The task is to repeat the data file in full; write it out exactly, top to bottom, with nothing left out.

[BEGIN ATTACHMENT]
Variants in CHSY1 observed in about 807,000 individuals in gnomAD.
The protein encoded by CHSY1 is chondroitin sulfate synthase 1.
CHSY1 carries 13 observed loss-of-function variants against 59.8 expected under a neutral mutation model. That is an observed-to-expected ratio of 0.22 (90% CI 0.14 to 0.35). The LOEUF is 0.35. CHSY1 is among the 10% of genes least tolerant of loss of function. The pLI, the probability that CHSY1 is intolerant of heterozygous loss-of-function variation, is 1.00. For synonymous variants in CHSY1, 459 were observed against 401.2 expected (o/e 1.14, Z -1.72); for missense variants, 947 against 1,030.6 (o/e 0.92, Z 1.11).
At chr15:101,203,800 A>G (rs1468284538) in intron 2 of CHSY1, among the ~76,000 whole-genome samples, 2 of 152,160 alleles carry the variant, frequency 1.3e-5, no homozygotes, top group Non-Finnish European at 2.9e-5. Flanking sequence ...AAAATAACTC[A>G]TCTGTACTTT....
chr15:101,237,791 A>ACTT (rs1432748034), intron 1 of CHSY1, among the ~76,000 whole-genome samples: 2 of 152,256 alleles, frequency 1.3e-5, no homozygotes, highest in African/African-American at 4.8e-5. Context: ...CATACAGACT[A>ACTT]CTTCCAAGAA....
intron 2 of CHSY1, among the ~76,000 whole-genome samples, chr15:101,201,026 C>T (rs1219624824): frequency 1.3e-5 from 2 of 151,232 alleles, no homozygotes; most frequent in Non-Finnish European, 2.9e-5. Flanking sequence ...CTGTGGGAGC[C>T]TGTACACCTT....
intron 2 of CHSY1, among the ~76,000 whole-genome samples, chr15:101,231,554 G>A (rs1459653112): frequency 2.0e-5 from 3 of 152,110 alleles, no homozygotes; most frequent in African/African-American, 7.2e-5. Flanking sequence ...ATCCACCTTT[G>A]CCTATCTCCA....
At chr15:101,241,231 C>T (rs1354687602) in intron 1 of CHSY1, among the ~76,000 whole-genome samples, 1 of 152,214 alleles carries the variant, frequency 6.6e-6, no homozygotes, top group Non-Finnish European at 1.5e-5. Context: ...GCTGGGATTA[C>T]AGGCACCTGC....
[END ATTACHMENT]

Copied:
Variants in CHSY1 observed in about 807,000 individuals in gnomAD.
The protein encoded by CHSY1 is chondroitin sulfate synthase 1.
CHSY1 carries 13 observed loss-of-function variants against 59.8 expected under a neutral mutation model. That is an observed-to-expected ratio of 0.22 (90% CI 0.14 to 0.35). The LOEUF is 0.35. CHSY1 is among the 10% of genes least tolerant of loss of function. The pLI, the probability that CHSY1 is intolerant of heterozygous loss-of-function variation, is 1.00. For synonymous variants in CHSY1, 459 were observed against 401.2 expected (o/e 1.14, Z -1.72); for missense variants, 947 against 1,030.6 (o/e 0.92, Z 1.11).
At chr15:101,203,800 A>G (rs1468284538) in intron 2 of CHSY1, among the ~76,000 whole-genome samples, 2 of 152,160 alleles carry the variant, frequency 1.3e-5, no homozygotes, top group Non-Finnish European at 2.9e-5. Flanking sequence ...AAAATAACTC[A>G]TCTGTACTTT....
chr15:101,237,791 A>ACTT (rs1432748034), intron 1 of CHSY1, among the ~76,000 whole-genome samples: 2 of 152,256 alleles, frequency 1.3e-5, no homozygotes, highest in African/African-American at 4.8e-5. Context: ...CATACAGACT[A>ACTT]CTTCCAAGAA....
intron 2 of CHSY1, among the ~76,000 whole-genome samples, chr15:101,201,026 C>T (rs1219624824): frequency 1.3e-5 from 2 of 151,232 alleles, no homozygotes; most frequent in Non-Finnish European, 2.9e-5. Flanking sequence ...CTGTGGGAGC[C>T]TGTACACCTT....
intron 2 of CHSY1, among the ~76,000 whole-genome samples, chr15:101,231,554 G>A (rs1459653112): frequency 2.0e-5 from 3 of 152,110 alleles, no homozygotes; most frequent in African/African-American, 7.2e-5. Flanking sequence ...ATCCACCTTT[G>A]CCTATCTCCA....
At chr15:101,241,231 C>T (rs1354687602) in intron 1 of CHSY1, among the ~76,000 whole-genome samples, 1 of 152,214 alleles carries the variant, frequency 6.6e-6, no homozygotes, top group Non-Finnish European at 1.5e-5. Context: ...GCTGGGATTA[C>T]AGGCACCTGC....